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Thursday, July 11, 2013

Ancient China & Land Regions

China's Land Regions
Rivers and mountains divide China into different areas. The Qinling Mountains divide China into two main parts northern China and southern China.

Both northern and southern China can be divided into smaller regions.
Among the major regions of northern China are the North China Plain, the Shandong Peninsula, and the Huang He Valley. Some of the major land regions of southern China are the Szechwan Basin, the Southeast Mountains, and the Chang Jiang Basin. A basin is a bowl-shaped area of land surrounded by higher land.

To the west of the Qinling Mountains lies the Plateau of Tibet. This plateau in southwestern China occupies about one-fourth of the whole country. The plateau's elevation ranges from about 13,000 feet (3,962 m) to 26,000 feet (7,925 m). North of the Qinling Mountains is the enormous Gobi desert. This 500,000-square-foot (46,450-sq-m) area is dry and has very few plants.

Each of China's regions has a different geography and climate. Many also have their own local culture. Each region has its own dialect, or way of speaking, the Chinese language. The dialect of one region often cannot be understood in another.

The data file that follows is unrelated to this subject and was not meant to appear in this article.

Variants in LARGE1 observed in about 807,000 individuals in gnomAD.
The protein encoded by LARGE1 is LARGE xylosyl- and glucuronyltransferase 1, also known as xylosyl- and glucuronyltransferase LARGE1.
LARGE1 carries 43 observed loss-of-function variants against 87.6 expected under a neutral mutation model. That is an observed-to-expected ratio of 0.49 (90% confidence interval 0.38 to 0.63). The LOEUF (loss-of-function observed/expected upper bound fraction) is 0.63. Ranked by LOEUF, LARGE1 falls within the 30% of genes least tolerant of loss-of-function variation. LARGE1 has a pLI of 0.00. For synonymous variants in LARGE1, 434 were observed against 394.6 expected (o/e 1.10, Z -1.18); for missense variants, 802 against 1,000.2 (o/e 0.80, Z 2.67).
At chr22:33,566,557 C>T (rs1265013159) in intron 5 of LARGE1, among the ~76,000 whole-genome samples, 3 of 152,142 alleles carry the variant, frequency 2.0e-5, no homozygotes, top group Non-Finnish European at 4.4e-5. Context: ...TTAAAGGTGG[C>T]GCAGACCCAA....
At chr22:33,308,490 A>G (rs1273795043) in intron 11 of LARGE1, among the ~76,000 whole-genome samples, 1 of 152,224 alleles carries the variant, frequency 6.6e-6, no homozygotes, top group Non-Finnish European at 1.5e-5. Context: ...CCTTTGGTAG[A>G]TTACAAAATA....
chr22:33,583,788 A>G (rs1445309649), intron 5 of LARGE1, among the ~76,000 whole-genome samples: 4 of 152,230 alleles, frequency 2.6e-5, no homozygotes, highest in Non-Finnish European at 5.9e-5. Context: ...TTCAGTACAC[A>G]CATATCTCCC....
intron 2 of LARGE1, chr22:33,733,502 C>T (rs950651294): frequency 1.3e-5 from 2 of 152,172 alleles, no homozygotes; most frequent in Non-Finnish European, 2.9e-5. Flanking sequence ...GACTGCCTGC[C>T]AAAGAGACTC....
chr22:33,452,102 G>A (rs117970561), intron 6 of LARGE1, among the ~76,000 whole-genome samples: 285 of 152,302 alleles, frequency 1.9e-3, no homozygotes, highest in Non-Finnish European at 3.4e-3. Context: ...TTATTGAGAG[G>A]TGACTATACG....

China's mountains and rivers are one reason for the great differences between regions. For centuries these mountains and rivers have separated groups of people. Without much contact from outsiders, the people of each region developed their own way of life.

How are China's regions different from each other?

The enriched sandy soil of the Huang He Valley is called loess. Loess is different from other soils because it never stops collecting and then shifting in the howling winds. Loess can build up in the Huang He, causing the river to flood. Mounds of loess in the river can even cause the river to change course, drowning people and destroying homes. Since the earliest days, people have had good reason to call the Huang He "The River of Sorrows.” However, the same destructive floods also deposit loess along the riverbanks of the Huang He. This has enriched the soil there, making it perfect for growing crops. In this way, "The River of Sorrows" makes agriculture possible in the area.


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